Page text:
Chemistry: Ionic Compounds: Buffer Solutions and Buffer Action (For CBSE, ICSE, IAS, NET, NRA 2022)

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Buffer Solutions

  • The mixture of a weak base and a salt of common ion both behave in similar way.
  • The aqueous solutions containing weak acids/bases and a salt of common ion act as buffer solutions.
  • The Buffer solutions resist a change in its pH on adding a small amount of an acid or a base.
  • The buffer solutions are used in laboratory reactions, in industrial processes and in the bodies of plants and animals.
Buffer Solutions
  • It is often necessary to keep the pH near constant despite the addition of acids and bases.
  • The oxygen carrying capacity of hemoglobin and activity of the enzymes in our cells depends on the pH of our body fluids.
  • The pH of the blood is 7.4
  • The pH of saliva is 6.8.
  • The animals and plants are protected against the changes in pH by the presence of buffers.
  • There are two kinds of commonly used buffer-solutions they are:
    • A weak acid and a soluble ionic salt of the weak acid e. g. acetic acid and sodium acetate
    • A weak base and a soluble ionic salt of the weak base e. g. ammonium hydroxide and ammonium chloride.
  • The buffers with pH less than 7 are called acidic buffers
  • The buffers with pH above 7 are called basic buffers.
  • Acetic acid - sodium acetate buffer is an example of acidic buffer while ammonium hydroxide - ammonium chloride is a basic buffer.

Buffer Action

  • The buffer system contains a conjugate acid- base pair and the concentrations of these two pairs are high than hydronium ions. These are called as the acid reserve and the base reserve, respectively.
  • The additional acid or base reacts with these reserves and gets consumed without changing pH.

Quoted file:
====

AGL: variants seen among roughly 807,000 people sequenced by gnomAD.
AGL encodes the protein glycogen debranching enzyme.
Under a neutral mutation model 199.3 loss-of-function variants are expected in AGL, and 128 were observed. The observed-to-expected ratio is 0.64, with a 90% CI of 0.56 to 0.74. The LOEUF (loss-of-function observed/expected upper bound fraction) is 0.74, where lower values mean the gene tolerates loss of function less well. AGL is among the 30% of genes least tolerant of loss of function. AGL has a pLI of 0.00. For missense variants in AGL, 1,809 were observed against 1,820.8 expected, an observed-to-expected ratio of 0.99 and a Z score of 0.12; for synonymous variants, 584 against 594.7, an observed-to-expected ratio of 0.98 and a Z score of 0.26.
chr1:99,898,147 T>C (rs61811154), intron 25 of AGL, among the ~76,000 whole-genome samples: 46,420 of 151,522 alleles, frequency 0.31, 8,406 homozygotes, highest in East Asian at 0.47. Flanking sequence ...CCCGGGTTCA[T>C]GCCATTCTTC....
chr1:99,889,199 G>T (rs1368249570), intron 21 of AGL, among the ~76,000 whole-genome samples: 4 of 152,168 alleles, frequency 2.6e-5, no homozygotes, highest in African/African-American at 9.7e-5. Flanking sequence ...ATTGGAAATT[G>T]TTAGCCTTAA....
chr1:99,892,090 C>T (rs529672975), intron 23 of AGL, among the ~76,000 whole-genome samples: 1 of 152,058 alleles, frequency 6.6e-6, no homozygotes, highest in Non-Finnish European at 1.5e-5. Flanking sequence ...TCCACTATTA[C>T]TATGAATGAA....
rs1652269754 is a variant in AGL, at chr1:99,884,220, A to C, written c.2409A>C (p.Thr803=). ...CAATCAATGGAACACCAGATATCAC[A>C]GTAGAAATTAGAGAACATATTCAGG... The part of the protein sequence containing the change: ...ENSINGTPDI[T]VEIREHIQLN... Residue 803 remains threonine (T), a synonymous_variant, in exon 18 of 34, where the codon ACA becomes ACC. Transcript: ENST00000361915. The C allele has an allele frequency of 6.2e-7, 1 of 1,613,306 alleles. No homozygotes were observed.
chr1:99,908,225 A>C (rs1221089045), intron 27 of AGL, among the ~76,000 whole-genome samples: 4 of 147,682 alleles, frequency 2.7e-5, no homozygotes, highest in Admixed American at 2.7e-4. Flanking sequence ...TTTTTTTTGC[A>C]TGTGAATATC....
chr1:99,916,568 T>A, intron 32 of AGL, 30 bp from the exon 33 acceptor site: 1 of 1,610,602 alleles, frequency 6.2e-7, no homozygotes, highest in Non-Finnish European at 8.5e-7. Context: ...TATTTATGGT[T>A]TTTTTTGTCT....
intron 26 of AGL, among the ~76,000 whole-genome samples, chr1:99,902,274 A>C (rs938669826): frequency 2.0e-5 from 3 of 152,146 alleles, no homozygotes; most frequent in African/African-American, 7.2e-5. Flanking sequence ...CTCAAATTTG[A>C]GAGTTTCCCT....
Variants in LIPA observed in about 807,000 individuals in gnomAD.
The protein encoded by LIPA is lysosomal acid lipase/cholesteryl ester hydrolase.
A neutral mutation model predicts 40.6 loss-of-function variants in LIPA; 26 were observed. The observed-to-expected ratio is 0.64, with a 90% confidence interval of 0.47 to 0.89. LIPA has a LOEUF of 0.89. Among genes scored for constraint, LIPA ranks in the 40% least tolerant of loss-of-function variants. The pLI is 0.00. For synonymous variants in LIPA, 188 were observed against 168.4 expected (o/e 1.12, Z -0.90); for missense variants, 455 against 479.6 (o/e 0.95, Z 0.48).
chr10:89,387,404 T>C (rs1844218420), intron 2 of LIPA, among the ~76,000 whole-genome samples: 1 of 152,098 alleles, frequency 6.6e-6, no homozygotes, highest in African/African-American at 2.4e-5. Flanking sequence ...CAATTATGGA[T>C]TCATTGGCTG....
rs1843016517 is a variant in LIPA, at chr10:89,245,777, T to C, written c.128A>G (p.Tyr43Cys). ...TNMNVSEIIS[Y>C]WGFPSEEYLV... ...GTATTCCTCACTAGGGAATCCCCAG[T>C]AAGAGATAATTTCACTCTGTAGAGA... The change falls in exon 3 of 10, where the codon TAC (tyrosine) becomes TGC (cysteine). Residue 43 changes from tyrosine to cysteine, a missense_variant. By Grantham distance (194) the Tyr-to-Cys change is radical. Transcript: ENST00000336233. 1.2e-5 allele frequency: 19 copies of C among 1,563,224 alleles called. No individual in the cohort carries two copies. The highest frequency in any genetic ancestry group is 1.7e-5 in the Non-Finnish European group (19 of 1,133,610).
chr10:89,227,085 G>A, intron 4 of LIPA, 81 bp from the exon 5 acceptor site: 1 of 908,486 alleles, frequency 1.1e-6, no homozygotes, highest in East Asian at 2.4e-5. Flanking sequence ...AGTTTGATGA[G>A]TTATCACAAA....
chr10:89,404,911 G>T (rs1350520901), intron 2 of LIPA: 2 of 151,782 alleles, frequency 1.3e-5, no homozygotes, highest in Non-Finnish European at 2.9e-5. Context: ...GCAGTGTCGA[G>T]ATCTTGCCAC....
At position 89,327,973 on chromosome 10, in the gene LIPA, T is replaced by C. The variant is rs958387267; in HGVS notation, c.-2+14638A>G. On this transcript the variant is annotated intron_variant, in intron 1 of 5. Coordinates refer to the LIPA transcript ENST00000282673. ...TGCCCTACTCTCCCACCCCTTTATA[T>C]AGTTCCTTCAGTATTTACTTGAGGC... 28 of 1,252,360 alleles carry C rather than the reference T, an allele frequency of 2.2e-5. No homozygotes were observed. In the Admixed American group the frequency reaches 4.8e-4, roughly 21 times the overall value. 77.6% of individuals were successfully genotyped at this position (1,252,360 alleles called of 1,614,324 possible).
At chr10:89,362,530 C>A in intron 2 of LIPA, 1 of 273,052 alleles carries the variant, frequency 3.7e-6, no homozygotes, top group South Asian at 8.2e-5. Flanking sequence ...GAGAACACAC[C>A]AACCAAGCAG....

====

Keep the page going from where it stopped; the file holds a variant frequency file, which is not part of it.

• Let us consider a buffer solution containing acetic acid, CH3COOH and sodium acetate CH3COONa to understand the buffer action.
  • In acetic acid - sodium acetate buffer CH3COOH is the acid reserve while CH3COONa is the base reserve.
  • The weak acid dissociates partially while the salt undergoes complete dissociation.

CH3COOH (aq) + H2O (l) H3O + (aq) + CH3COO- (aq)

CH3COONa (aq) Na + (aq) + CH3COO- (aq)

  • When a strong acid such as HCI is added to this solution, it produces H3O + .
  • These H3O + (acid) react with an equivalent amount of the base reserve [CH3COO ] to generate undissociated acetic acid. H3O (aq) + CH3COO (aq) CH3COOH (aq) + H2O (l)
  • The net effect of this reaction is the increase in the concentration of the acid reserve and an equivalent decrease in the concentration of the base reserve. HCl (aq) + CH3COONa (aq) CH3COOH (aq) + NaCl (aq)
  • Similarly, when small amounts of a strong base like NaOH is added , it generates OH ions.
  • These additional OH neutralize some of the H3O + ions present in the solution, H3O (aq) + OH (aq) H3O (aq) + CH3COO- (aq)
  • The net effect of this reaction is the increase in the concentration of the base reserve and an equivalent decrease in the concentration of the acid reserve.
  • It is noted that when acid or the base is added only minor changes in the concentrations of the weak acid and the salt are caused.
  • The concentration of the hydronium ions and thereby the pH does not change significantly.

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